Weirdly Interesting 9 Beyond Fascinating Facts About Magnets Throughout History  

Aaron Edwards
1.2k views 9 items Embed

Do you ever think about something that people these days take for granted and wonder how in the world we ever figured it out? Magnets, for example. So cool and totally like magic! People back in the day probably thought magnets were magic (it's true they did), so how did we come to understand them and use them to their full potential?

It's a safe bet that you love electricity and you love a good compass. But do you know anything about the history of magnets that led to the creation of that compass? It's easy to take our modern day utilities for granted, but they were really thousands of years in the making. Thomas Edison didn't simply invent the light bulb, he built his work on countless of other scientists that came before him. The same thing applies to electromagnets, which are the product of thousands of years of study starting with a simple sheep shepherd in ancient Greece.

That accidental discovery of magnetic rock gave way to one of the most influential fields of science in existence today. The compass was certainly a byproduct of this research, but so were many other inventions culminating in the field of quantum mechanics. Even today, we're still working to understand magnets and their relationship to electricity better, which may yield even more advancements in the future. Until then, check out the list below to see how we discovered the forces behind magnetism. 

The Discovery Of Magnets Goes Back 4,000 Years (And It Involves Sheep)


Ranker Video
Video: YouTube

While it's easy to think that magnets have only been around for a few hundred years, their discovery actually goes back to (like many things) the Greeks. The story goes that a Greek shepherd named Magnes was tending to his sheep in a region of Greece called Magnesia. While walking along, he discovered that the metal nails in his shoe and the tip of his walking staff became stuck to a rock below his feet. Thus, we have our first magnetized rock, referred to as "lodestones" and then "magnetite."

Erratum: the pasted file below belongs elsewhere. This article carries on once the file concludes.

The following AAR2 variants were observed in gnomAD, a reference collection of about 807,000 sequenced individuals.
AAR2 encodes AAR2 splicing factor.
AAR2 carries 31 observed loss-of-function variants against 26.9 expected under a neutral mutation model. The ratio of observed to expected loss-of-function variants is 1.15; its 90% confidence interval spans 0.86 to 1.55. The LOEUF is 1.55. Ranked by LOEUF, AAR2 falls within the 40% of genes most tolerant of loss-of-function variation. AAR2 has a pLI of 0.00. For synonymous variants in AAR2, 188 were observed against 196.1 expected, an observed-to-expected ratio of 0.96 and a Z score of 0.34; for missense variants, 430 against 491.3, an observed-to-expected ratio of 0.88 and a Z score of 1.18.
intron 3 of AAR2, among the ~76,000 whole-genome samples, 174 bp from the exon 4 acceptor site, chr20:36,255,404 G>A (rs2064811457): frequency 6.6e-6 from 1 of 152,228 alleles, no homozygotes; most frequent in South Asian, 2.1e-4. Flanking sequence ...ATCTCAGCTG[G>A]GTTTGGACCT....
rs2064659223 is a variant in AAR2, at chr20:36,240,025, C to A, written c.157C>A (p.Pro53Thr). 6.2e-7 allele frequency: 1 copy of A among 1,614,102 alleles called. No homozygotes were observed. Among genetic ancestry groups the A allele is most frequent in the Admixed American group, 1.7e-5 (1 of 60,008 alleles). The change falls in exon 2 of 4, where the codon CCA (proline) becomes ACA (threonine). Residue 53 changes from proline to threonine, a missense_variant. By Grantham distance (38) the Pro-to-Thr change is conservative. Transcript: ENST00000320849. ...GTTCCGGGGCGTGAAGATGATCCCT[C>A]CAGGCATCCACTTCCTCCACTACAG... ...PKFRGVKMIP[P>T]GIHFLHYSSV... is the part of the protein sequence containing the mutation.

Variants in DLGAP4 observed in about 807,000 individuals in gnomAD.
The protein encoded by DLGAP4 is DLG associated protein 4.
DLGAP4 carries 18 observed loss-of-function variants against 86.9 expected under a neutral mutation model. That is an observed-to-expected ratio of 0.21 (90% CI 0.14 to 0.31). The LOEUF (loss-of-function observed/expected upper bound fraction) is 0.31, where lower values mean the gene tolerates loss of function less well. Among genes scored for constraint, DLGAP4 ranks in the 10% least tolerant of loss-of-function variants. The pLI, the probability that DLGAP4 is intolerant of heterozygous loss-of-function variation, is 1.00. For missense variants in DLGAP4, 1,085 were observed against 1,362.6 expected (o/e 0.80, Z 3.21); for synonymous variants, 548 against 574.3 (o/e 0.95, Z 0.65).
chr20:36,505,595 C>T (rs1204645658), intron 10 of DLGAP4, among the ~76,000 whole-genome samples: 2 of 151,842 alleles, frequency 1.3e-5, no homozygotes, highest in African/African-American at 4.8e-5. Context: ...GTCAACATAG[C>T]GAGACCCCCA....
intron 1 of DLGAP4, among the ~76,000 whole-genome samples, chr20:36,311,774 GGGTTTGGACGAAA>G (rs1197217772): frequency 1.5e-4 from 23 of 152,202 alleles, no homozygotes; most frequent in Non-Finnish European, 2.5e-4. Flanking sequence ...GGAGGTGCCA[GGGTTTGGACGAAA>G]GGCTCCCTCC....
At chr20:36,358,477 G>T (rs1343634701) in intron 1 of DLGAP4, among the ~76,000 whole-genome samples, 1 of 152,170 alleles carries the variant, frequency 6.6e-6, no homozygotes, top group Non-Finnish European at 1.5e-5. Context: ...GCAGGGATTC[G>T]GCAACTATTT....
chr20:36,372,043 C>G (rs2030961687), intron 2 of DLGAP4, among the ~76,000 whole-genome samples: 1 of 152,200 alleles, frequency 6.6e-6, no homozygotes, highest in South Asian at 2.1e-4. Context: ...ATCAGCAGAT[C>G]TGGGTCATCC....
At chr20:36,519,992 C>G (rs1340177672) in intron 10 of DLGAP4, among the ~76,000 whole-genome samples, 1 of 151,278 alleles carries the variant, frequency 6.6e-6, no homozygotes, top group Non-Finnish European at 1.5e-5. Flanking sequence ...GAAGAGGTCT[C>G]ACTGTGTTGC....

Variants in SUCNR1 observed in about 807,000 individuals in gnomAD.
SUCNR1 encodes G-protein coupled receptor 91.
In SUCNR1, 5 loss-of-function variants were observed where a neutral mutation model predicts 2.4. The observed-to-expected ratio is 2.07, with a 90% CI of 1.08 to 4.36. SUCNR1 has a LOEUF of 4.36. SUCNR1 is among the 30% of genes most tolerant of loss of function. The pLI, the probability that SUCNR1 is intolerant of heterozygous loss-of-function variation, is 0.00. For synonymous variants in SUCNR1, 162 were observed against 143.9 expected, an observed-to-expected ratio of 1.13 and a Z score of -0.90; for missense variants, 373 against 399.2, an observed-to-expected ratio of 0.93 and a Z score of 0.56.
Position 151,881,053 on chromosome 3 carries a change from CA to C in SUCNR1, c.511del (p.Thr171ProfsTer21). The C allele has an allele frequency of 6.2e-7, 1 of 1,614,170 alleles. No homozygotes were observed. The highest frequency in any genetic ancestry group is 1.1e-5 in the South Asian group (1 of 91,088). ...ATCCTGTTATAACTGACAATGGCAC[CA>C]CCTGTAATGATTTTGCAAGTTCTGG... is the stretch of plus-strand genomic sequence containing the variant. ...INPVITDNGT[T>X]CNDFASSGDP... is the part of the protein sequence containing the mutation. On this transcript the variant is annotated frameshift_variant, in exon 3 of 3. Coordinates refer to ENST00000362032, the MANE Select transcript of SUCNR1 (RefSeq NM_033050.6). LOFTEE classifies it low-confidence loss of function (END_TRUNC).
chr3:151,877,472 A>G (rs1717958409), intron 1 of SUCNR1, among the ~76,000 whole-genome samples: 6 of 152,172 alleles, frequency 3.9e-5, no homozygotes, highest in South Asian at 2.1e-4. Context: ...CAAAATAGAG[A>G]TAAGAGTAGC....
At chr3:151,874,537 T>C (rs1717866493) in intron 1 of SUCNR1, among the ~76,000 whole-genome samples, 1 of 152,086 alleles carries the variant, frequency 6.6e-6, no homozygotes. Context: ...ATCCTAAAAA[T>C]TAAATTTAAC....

They Were Rumored To Be An Early Weapon of War


They Were Rumored To Be An Ear... is listed (or ranked) 2 on the list 9 Beyond Fascinating Facts About Magnets Throughout History
Photo:  Giuseppe Patania/Wikimedia Commons/Public Domain

While magnets were shrouded in mystery for quite a while after their discovery, people were still constantly studying them. One of the rumored uses of the material known as "magnetite," was by the inventor Archimedes. It's been said that he used the metal to rip out the nails from hostile ships so they came apart in the sea and sunk. However, even today's everyday refined magnets can't do that... so the plausibility of this rumor is pretty low. Still, how cool!

In Rome, Magnetism Was Feared


In Rome, Magnetism Was Feared is listed (or ranked) 3 on the list 9 Beyond Fascinating Facts About Magnets Throughout History
Photo:  Laureys a Castro/Wikimedia Commons/Public Domain

Roman author Pliny the Elder was a naturalist who conducted early studies into magnetism. While researching a hill made of stone that apparently attracted iron objects, he claimed that magnetism was a form of magic. Soon, superstitions about the power of magnetism began to sweep through Rome. They even attributed the disappearance of ships at sea to the idea that they might have been attracted to magnetic islands. 

The Chinese Invented The First Compass


The Chinese Invented The First... is listed (or ranked) 4 on the list 9 Beyond Fascinating Facts About Magnets Throughout History
Photo: Unknown/Wikimedia Commons/Public Domain

During the Han Dynasty, Chinese scientists made the first compasses by putting a spoon-shaped piece of magnetite ore on a cast bronze plate. The plate in question would have directions based on the constellations with the big dipper at the center. These early compasses were used to determine the best places for burial locations, but alchemists eventually realized these devices always pointed to magnetic north.

The first compass used by Chinese sailors involved a small piece of magnetite floating on water in a bowl. By the time of the Sung dynasty, trading ships were able to navigate all the way to Saudi Arabia.